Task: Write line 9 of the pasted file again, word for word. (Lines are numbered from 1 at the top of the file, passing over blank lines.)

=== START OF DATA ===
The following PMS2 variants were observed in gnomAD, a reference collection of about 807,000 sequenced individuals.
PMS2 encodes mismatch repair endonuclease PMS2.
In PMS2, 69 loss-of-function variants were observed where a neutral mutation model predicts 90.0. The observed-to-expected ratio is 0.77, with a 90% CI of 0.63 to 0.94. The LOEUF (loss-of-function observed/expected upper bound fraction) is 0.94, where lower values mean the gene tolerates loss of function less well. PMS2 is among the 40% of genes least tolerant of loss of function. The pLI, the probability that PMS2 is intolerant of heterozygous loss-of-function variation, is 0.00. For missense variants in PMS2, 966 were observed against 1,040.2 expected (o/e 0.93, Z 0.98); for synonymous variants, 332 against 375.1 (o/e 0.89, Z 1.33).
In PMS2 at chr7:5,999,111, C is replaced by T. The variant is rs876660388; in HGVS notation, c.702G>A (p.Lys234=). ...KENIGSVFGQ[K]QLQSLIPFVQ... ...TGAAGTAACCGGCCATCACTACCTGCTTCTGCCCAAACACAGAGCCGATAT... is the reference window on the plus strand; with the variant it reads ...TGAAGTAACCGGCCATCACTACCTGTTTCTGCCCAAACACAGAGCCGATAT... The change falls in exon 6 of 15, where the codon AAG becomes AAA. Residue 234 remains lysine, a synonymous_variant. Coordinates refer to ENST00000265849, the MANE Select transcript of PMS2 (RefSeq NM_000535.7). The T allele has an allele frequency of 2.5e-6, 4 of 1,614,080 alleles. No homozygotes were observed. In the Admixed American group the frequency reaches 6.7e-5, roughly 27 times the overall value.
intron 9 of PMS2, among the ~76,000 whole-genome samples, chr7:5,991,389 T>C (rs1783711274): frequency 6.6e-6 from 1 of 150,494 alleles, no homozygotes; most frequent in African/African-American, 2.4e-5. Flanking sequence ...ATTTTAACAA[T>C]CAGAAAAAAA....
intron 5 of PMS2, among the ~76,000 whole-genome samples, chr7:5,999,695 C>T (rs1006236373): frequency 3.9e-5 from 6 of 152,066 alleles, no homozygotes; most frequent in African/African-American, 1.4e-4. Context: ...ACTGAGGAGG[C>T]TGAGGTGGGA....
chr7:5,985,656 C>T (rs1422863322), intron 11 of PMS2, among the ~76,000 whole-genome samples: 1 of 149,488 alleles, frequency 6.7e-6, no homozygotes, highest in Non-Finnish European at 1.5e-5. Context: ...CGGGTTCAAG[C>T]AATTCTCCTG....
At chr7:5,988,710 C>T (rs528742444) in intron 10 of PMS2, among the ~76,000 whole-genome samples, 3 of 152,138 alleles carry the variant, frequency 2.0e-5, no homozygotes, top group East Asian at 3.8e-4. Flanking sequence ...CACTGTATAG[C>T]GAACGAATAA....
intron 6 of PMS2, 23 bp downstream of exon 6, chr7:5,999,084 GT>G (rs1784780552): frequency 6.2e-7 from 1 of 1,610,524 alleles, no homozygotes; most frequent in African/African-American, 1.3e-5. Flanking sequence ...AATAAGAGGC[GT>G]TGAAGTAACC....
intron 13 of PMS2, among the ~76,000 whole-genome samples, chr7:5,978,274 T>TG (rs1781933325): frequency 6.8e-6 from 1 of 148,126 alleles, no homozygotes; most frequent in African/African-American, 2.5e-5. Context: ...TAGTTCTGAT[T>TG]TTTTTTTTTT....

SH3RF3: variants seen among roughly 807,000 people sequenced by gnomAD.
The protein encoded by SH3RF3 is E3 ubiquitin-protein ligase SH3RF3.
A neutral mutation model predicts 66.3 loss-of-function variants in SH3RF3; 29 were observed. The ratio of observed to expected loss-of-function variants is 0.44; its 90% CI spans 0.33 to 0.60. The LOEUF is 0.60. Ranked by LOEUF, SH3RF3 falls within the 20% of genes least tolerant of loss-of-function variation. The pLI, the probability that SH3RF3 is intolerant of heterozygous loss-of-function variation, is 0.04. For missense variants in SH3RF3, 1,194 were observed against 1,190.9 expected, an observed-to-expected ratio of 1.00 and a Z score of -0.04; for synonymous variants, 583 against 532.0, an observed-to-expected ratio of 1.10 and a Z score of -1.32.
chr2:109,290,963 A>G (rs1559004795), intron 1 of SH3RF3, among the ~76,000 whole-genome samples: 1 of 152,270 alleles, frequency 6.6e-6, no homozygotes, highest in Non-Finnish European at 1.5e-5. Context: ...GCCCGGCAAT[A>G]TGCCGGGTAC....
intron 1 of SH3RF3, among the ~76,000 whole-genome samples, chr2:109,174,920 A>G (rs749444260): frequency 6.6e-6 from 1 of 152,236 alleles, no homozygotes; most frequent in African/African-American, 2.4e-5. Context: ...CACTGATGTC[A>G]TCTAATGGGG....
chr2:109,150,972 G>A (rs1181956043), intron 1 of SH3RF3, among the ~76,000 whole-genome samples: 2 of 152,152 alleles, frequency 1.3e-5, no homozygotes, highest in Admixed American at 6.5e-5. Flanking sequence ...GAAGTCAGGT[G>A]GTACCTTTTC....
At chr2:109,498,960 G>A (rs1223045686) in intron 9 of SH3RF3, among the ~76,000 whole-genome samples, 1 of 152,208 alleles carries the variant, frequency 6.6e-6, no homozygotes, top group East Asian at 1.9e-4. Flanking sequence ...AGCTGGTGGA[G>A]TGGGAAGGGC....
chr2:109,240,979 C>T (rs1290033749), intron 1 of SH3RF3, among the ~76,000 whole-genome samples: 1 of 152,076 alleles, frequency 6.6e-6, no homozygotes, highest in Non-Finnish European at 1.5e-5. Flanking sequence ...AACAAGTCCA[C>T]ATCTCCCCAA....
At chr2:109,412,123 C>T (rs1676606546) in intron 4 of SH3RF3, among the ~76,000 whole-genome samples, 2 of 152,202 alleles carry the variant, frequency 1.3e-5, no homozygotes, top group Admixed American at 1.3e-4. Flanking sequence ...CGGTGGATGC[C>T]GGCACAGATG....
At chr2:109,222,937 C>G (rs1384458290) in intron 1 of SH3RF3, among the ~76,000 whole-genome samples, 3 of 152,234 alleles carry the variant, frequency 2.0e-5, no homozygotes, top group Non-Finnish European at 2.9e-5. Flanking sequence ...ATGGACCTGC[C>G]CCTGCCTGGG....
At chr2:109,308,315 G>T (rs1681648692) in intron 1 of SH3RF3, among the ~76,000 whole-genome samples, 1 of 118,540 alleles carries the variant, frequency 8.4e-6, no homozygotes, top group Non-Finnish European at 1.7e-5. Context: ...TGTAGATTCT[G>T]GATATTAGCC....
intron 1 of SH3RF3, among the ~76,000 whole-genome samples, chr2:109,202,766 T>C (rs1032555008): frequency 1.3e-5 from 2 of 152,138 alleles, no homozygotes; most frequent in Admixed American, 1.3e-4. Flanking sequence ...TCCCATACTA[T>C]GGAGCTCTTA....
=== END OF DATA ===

intron 6 of PMS2, 23 bp downstream of exon 6, chr7:5,999,084 GT>G (rs1784780552): frequency 6.2e-7 from 1 of 1,610,524 alleles, no homozygotes; most frequent in African/African-American, 1.3e-5. Flanking sequence ...AATAAGAGGC[GT>G]TGAAGTAACC....